Journal Entry #11

Thursday April 6th, 2017 (1.5 hours class time + 3 hours reading)

Dr. Sandridge brought up the topic of women in Herodotus. Not just women in general, but powerful women that have made an impact in the histories. Knowing from reading the Herodotus’ Histories, he mentions countless of notable and non notable men in every page, yet only a few women in every chapter, implying that his inclusion of these certain women has a purpose within the book.

The first woman Herodotus ends a book chapter with is Tomyris. She was the Queen of the Massagetae, who had successfully defended her land from the inquisitions of the great Persian ruler Cyrus. Along with every Persian ruler, great success in war had showered Cyrus with victories, until he had come across the Massagetae. King Cyrus ends up losing to Queen Tomyris, all because of Cyrus’ own hubris, and his actions that led to the killing of the Queen’s son. Which highlights a surging power that women hold when driven to a certain point, which is their Maternal instincts; but in this case, more of a vengeance. As can be seen from the passage in where Tomyris finds Cyrus’ corpse amongst all the other fallen soldiers, filled the skin with blood mocking the late rulers actions. Her grief over her sons eventual death predominates as she defiles the corpse of Cyrus.

Then in class, the similarity between Queen Tomyris and Cersei Lannister is brought up, relating through their fierce love for their own children. Cersei Lannister throughout the series of Game of Thrones has only done one thing consistently, which was to protect her children at all costs. Whether it have someone killed, or even start a war, all in order to keep her own family safe. Even then, in the end all her children end up dead regardless of her actions to protect each and every one of them. Which lead to her relation to Tomyris, in which now her maternal vengeance shall reign over anyone that opposes her in the new season :) i cant wait :)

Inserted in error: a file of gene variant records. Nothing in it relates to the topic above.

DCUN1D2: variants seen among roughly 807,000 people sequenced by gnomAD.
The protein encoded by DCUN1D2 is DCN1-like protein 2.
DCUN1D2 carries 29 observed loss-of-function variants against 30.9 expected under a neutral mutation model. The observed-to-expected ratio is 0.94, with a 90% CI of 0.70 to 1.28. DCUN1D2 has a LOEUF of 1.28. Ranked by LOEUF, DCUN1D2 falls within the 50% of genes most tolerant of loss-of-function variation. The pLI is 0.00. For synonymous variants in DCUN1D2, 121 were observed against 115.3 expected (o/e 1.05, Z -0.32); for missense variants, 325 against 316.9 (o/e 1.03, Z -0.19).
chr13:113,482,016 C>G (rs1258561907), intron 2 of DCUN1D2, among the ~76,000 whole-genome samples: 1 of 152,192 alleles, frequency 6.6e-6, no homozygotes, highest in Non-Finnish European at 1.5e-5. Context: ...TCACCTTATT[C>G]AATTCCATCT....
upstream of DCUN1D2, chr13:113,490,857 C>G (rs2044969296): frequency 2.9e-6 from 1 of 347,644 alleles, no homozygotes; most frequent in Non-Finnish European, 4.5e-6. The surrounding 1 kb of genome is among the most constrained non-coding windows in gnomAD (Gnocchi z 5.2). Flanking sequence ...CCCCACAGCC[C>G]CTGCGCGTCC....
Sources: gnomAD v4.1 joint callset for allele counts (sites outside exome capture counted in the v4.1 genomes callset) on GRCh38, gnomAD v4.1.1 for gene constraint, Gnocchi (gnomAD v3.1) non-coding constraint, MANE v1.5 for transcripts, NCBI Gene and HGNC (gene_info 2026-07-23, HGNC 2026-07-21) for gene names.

Another woman that we come across in Herodotus is Artemisia, hailing from Herodotus’ hometown of Halicarnassus, was the Greek queen of Halicarnassus. She was a calm and calculated woman, who led as an advisor for Xerxes. Often heavily considering military advantages over the impulsive choice of heading straight for battle, which is what most of the male leaders in the battles usually end up doing.

Probably noted as known for her political judgement and wisdom, Gorgo, Queen of Sparta, showed exemplary characteristics as the wife of Leonidas. Her most pivotal role in Herodotus’ Histories is her uncovering of the secret messages Demaratus had sent warning the Spartans of Xerxes impending invasion. With all the men not knowing what to do with a blank wax tablet, Gorgo advised to melt all the wax off, which then presented the hidden message beneath.

Contrary to the women above of notable stature within the Histories, Cyno was at the opposite end of the spectrum. Although she did save the royal child Cyrus from death by his very own grandfather, she was a slave, a servant woman. With the adult Cyrus honoring her for raising him as her own, he ends up disposing his grandfather. Cyno was an abnormality within the book, along with a few others, that acted opposite towards our expectations of women within the book as being the average bearer of children.